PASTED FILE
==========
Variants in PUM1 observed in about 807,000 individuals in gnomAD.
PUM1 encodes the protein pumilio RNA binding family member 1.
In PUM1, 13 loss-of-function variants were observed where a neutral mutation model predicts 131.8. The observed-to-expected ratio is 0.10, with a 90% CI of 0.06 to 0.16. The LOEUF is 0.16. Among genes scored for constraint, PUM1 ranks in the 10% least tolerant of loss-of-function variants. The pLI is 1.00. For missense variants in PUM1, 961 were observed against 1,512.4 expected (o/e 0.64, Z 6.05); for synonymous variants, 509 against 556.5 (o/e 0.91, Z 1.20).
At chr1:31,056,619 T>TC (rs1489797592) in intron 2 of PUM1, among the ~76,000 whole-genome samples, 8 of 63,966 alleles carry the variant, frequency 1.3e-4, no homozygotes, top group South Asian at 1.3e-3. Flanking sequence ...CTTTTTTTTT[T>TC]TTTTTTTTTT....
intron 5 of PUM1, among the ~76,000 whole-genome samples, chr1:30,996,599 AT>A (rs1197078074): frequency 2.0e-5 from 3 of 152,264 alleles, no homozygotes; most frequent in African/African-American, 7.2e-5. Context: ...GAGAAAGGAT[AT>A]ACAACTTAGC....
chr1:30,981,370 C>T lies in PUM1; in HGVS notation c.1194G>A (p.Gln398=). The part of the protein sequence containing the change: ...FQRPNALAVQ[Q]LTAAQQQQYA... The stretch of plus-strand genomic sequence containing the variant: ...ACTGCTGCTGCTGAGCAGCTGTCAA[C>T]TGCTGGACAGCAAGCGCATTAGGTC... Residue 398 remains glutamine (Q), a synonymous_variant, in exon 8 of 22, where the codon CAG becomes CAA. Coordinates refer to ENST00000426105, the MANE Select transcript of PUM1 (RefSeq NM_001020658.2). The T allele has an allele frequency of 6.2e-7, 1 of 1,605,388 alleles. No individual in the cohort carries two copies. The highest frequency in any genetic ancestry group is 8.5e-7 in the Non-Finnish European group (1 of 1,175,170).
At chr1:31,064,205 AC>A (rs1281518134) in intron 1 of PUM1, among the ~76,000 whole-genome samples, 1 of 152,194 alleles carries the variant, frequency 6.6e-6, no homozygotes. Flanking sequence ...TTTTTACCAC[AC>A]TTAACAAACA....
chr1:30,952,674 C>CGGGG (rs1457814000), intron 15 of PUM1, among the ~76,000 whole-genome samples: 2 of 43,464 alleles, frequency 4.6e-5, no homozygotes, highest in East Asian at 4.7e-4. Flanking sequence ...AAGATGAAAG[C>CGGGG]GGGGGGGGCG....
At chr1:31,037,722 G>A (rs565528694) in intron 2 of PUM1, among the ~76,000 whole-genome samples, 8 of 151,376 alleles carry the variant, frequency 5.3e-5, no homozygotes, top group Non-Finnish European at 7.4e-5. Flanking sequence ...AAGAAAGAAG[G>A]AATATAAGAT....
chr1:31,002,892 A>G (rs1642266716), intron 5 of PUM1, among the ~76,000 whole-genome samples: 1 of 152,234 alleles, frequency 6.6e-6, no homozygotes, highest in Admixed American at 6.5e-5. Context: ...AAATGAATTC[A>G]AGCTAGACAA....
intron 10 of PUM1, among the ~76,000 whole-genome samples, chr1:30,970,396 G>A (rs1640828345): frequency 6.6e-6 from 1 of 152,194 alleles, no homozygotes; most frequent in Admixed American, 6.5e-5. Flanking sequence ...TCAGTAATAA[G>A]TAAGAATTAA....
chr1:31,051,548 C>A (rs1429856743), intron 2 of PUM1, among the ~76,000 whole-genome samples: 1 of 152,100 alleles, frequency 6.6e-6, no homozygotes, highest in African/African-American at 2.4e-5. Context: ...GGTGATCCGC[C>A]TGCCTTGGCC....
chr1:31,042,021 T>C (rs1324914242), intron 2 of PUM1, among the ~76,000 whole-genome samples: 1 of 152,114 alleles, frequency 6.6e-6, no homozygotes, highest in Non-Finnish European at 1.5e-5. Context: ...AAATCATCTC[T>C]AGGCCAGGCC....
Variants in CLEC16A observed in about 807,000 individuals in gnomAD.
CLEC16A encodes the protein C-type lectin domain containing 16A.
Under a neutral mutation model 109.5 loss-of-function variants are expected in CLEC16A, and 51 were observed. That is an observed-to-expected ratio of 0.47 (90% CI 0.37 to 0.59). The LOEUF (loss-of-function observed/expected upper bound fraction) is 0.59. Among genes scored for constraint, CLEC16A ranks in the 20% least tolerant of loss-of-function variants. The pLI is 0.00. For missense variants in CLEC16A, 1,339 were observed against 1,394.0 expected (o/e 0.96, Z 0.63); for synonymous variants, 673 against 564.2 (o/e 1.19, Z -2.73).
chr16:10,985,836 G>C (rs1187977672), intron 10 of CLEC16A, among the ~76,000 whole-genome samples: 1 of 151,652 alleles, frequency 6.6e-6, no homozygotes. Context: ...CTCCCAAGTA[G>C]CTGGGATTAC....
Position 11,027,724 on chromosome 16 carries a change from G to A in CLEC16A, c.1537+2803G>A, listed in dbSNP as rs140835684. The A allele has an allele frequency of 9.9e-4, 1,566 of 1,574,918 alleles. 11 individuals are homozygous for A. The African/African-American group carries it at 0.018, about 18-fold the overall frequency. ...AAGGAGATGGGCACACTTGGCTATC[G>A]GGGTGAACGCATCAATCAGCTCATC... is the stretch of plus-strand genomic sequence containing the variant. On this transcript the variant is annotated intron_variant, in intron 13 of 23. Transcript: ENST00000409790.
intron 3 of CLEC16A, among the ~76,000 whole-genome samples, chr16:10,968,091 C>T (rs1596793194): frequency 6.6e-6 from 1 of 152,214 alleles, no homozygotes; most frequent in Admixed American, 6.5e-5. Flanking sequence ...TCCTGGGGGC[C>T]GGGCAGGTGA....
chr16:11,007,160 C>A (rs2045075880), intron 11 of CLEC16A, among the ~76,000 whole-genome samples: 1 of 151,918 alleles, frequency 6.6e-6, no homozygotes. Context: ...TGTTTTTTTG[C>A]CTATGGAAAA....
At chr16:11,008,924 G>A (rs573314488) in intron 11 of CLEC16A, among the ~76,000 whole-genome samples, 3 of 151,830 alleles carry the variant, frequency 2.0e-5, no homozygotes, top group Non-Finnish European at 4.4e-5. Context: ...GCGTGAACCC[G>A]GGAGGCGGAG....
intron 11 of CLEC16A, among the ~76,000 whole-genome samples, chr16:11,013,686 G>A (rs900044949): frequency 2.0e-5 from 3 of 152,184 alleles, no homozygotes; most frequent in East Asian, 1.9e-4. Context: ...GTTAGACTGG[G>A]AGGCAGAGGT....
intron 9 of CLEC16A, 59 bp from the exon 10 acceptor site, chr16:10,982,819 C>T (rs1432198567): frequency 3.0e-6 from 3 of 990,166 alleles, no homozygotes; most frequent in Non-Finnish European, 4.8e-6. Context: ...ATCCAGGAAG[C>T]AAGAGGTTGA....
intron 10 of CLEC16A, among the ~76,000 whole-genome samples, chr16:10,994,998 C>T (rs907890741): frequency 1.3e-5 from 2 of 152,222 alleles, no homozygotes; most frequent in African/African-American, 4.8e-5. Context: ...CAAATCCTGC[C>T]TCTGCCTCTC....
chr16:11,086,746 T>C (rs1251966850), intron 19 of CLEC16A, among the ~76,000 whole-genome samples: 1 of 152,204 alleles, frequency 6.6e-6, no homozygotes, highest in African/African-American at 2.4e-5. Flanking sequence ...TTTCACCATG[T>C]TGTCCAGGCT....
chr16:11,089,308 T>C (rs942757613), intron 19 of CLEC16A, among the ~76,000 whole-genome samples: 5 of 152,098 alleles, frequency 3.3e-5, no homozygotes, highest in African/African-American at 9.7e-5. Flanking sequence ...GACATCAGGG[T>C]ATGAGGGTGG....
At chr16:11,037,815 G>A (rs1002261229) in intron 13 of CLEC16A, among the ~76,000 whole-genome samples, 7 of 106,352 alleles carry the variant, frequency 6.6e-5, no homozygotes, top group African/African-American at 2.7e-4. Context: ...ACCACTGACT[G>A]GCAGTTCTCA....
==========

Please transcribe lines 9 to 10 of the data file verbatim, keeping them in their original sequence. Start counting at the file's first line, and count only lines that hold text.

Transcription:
At chr1:31,037,722 G>A (rs565528694) in intron 2 of PUM1, among the ~76,000 whole-genome samples, 8 of 151,376 alleles carry the variant, frequency 5.3e-5, no homozygotes, top group Non-Finnish European at 7.4e-5. Flanking sequence ...AAGAAAGAAG[G>A]AATATAAGAT....
chr1:31,002,892 A>G (rs1642266716), intron 5 of PUM1, among the ~76,000 whole-genome samples: 1 of 152,234 alleles, frequency 6.6e-6, no homozygotes, highest in Admixed American at 6.5e-5. Context: ...AAATGAATTC[A>G]AGCTAGACAA....